With little fanfare, these communities are taking steps to lighten their carbon paw prints. Check out their solutions and see if they might work in your location.
The compostrevolution is an organisation that works with local government in Australia to make it easy for councils to provide residents with a discount on the purchase of bins, including specific bins for pet waste. They started in Sydney in 2012 and currently 36 councils are involved.
Perth, Western Australia
– The doggiedunnie is a dog waste station designed to collect dog poop in compostable bags, and avoid contamination from other rubbish. This Australian design means bins can be collected by green waste services, and the contents transformed into a product that gets reused to nourish soil. If contamination is too high, green bin contents can’t be collected and the contents end up in landfill. There have been and are a few trials being conducted with these bins, for example SA and a WA trial.
– On 1 March 2022, oxo-degradable plastic products will be banned from manufacture and production in South Australia. Oxo-degradable plastic products have additives which enable the plastic to break down into tiny fragments (or microplastics) rather than completely breaking down. This legislation is helping lead to rapid change when it comes to ‘picking up after your dog’. Many councils are getting on board to supply compostable bags in dog exercise areas and to residents replacethewaste.
– An Adelaide-based researcher (aka Dr Dog Poo) is hoping to pave the way for cleaner and greener pets. Researcher and PhD candidate Emily Bryson is determining whether dog poo composted at home is safe for use in backyard vegetable gardens.
– An Adelaide foothills Council trial in 2019 at two dog parks has led to a permanent program to supply compostable bags so dog waste is dealt with via a bio-mediation heating system and turned into nutrient rich garden compost. A feature of the bins is the use of a fill level sensor that helps determine bin collection requirements, saving time and truck kilometres.
– Port Elliot Dog Waste Project aimed to reduce dog waste and plastic bags going to landfill funded by a council Community Environment grant in late 2019. The project included a 12-week trial in a dog park, weighing and recording waste diverted using a modified green organics bin, dog owner surveys about knowledge and behaviours related to disposal of dog waste, improving dog owner knowledge about compostable bags and the compost seedling logo and looking into in-situ and at -home composting options.
– A community group in an inner city suburb of Sydney (Australia) are piloting an innovative approach to recycling dog poo in a local park. The eco-conscious group of volunteers held a fundraiser to pay for compostable dog poo bags and a special organics recycling bin for dog poo. The bin is collected weekly by a commercial organic recycling service – so instead of sending dog poo to landfill (not good for the environment), they will be converting it into compost (good for the environment). They have been successful almost meeting their fund raising target!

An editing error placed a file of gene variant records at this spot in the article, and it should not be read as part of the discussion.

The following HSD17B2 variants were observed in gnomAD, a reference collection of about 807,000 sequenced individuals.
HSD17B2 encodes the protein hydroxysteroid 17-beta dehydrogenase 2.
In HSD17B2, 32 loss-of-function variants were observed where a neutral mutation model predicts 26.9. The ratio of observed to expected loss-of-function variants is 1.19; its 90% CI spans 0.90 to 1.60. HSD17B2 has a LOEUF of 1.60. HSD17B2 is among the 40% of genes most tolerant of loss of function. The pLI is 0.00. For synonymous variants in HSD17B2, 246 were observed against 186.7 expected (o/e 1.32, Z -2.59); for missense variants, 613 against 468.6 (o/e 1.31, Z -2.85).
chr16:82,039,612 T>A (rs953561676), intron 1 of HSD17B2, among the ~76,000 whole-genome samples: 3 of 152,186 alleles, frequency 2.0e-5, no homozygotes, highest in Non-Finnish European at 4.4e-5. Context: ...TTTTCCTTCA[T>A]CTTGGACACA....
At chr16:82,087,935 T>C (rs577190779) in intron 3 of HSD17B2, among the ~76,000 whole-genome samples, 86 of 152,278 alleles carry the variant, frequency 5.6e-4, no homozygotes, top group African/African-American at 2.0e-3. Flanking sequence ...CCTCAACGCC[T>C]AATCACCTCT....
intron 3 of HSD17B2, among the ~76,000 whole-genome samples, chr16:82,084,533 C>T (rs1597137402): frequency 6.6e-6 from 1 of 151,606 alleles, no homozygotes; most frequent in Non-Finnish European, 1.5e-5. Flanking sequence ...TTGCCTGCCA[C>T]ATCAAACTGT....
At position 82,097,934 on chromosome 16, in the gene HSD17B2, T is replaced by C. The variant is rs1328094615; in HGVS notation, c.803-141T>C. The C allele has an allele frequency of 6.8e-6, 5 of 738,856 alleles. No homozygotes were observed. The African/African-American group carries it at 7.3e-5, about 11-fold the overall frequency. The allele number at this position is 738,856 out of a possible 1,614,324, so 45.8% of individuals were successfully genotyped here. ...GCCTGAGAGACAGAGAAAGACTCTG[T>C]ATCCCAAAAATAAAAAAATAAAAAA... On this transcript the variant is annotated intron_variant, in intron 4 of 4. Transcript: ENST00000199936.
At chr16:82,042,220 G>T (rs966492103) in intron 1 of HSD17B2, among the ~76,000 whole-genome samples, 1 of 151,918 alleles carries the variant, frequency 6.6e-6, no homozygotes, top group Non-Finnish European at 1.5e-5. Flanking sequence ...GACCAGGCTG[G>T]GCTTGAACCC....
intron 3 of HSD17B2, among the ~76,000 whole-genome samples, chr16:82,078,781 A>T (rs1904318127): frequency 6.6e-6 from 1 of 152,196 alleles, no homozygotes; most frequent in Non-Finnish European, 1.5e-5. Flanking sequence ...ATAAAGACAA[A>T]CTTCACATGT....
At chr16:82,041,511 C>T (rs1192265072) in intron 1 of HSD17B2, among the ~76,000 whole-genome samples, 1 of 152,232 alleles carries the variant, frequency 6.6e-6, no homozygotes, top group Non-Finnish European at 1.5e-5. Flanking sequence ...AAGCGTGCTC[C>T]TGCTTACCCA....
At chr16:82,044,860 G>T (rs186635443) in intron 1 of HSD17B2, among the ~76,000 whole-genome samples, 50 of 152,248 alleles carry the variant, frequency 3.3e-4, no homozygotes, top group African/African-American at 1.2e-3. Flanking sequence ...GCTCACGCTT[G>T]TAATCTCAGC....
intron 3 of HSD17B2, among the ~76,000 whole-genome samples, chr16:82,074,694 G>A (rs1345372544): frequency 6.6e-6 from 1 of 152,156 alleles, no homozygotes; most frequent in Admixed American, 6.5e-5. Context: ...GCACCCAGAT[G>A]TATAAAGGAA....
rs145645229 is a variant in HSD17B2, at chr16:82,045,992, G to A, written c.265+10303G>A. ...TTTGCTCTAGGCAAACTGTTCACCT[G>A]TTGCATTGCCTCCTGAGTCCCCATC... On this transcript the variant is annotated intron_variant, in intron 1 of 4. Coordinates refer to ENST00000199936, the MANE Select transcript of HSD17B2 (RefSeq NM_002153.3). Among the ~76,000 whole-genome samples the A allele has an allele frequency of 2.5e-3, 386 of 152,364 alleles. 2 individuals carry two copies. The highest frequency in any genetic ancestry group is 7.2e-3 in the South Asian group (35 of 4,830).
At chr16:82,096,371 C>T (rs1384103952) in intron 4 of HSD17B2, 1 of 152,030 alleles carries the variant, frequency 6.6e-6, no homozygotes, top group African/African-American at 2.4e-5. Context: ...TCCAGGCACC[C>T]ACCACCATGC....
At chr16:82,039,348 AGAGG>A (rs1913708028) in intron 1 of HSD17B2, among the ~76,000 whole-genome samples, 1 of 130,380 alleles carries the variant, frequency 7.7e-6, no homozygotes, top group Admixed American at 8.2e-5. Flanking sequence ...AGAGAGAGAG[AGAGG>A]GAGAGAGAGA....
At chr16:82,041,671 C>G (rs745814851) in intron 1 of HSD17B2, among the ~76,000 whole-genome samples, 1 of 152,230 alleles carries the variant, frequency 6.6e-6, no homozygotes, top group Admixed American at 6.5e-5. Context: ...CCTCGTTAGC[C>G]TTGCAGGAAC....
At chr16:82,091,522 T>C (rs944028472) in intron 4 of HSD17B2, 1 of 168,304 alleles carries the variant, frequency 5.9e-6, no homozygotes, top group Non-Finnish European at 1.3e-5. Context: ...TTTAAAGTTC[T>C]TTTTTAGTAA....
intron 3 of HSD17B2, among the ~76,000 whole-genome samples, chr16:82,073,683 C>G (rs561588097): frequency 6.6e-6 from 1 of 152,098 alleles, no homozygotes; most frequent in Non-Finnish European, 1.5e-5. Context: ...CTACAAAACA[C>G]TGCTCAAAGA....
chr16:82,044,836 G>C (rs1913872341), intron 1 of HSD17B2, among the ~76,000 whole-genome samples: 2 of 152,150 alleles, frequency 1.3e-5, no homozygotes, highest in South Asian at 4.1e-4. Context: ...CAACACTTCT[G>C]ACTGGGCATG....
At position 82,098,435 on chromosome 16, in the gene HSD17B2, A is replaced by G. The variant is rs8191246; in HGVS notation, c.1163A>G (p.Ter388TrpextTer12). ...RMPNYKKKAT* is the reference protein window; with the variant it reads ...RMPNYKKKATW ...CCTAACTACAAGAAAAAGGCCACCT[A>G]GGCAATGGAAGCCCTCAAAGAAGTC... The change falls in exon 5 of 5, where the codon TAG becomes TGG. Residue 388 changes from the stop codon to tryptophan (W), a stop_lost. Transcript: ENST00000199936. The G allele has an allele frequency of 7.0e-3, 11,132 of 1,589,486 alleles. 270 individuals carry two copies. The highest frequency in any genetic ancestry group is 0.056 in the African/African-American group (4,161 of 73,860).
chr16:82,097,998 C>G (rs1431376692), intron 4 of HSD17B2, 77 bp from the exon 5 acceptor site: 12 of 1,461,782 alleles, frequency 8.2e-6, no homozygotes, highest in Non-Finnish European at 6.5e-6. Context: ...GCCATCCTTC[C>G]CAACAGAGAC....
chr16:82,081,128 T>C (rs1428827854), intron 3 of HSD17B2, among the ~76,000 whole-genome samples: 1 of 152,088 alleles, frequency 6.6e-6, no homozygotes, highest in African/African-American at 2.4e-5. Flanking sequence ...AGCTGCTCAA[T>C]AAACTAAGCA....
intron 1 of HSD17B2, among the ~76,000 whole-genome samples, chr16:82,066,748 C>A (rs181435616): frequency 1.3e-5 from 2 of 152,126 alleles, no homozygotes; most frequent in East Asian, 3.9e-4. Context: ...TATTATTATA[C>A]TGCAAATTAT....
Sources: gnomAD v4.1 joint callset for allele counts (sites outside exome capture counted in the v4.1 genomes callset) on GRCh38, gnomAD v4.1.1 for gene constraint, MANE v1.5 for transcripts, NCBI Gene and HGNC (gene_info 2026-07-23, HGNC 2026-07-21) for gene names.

– A Sydney suburbs dog shelter catering for about 60 rescue dogs decided to start composting dog poop about 2 years ago.This was an economical decision because composting onsite is cheaper than the transport costs of waste collection! It also just happens to be better for the environmental (more info to come).
– In southern Sydney, the Bayside Council is trialling the use of worms farms to digest dog poo onsite. Phase 1 commenced mid-2019, Phase 2 commenced December 2021. They have moved from using household worm farms to worm pods that can cater for more dog poo. They aim to reduce odour, increase organics recycling, reduce litter bin collections and increase community knowledge about organic recycling.
– The City of Surrey has developed a Dog Off Leash Area Strategy, 2012-2021, that includes a Waste Management section comparing potential future solutions.
– The City of Vancouver took a serious look at composting as a way to deal with the growing volume of dog waste in its public parks – see “Dealing with Dog Waste in Vancouver Parks / Preliminary Research for Dog Waste Composting at Everett Crowley Park,” LEES + Associates Landscape Architects. (No longer posted; contact the City of Vancouver.) The search for solutions continues. “The city’s 11,800 kilograms of dog waste produced each year is too much for garbage collectors.”
– Metro Vancouver will continue to pay contractors to cut open dig waste pick-up bags and stream the contents to a sewage treatment facility. This is just one of several innovative solutions for recycling dog park waste that the city is pursuing to achieve near zero waste.
– Metro Vancouver instructs multi-pet operations to stream pet waste to their closest transfer station or wastewater treatment plant. Dog waste and cat waste accepted at wastewater treatment plants cannot be mixed with clay litter, sand, rock, grit or any kind of bag, including biodegradable.
– The City of Whistler contracts with a local compost facility which transforms dog waste from its park red bins into topsoil. Their Pick Up Protocol (PUP) program provides compostable bags along with signs, bins and composting services. The compost is tested in accordance with RMW guidelines and meets provincial requirements for Class A compost.
– In 2019 around 74 tonnes of dog waste were removed from Metro Vancouver regional parks, processed and transported to Iona Wastewater Treatment Plant. According to Mike Redpath, director of regional parks, seven other municipalities have started their own programs: Vancouver, City of North Vancouver, District of North Vancouver, District of West Vancouver, Township of Langley, Port Moody, and Port Coquitlam.
– Hearthmakers Energy Cooperative in Kingston holds seminars teaching pet owners how to compost dog and cat waste to keep it out of waterways.
– The city of Toronto is aiming at 70% residential waste diversion with the assistance of its Green Bin Program – From Curb to Compost. Pet waste and disposable diapers may be included with other organic Green Bin waste.
– Based on a 2006 City of Toronto waste audit, the city found that dog waste is the largest litter stream by weight in its parks. As a consequence Toronto piloted a Green Bin Dog Waste Plan at several city parks that collects and processes this waste stream.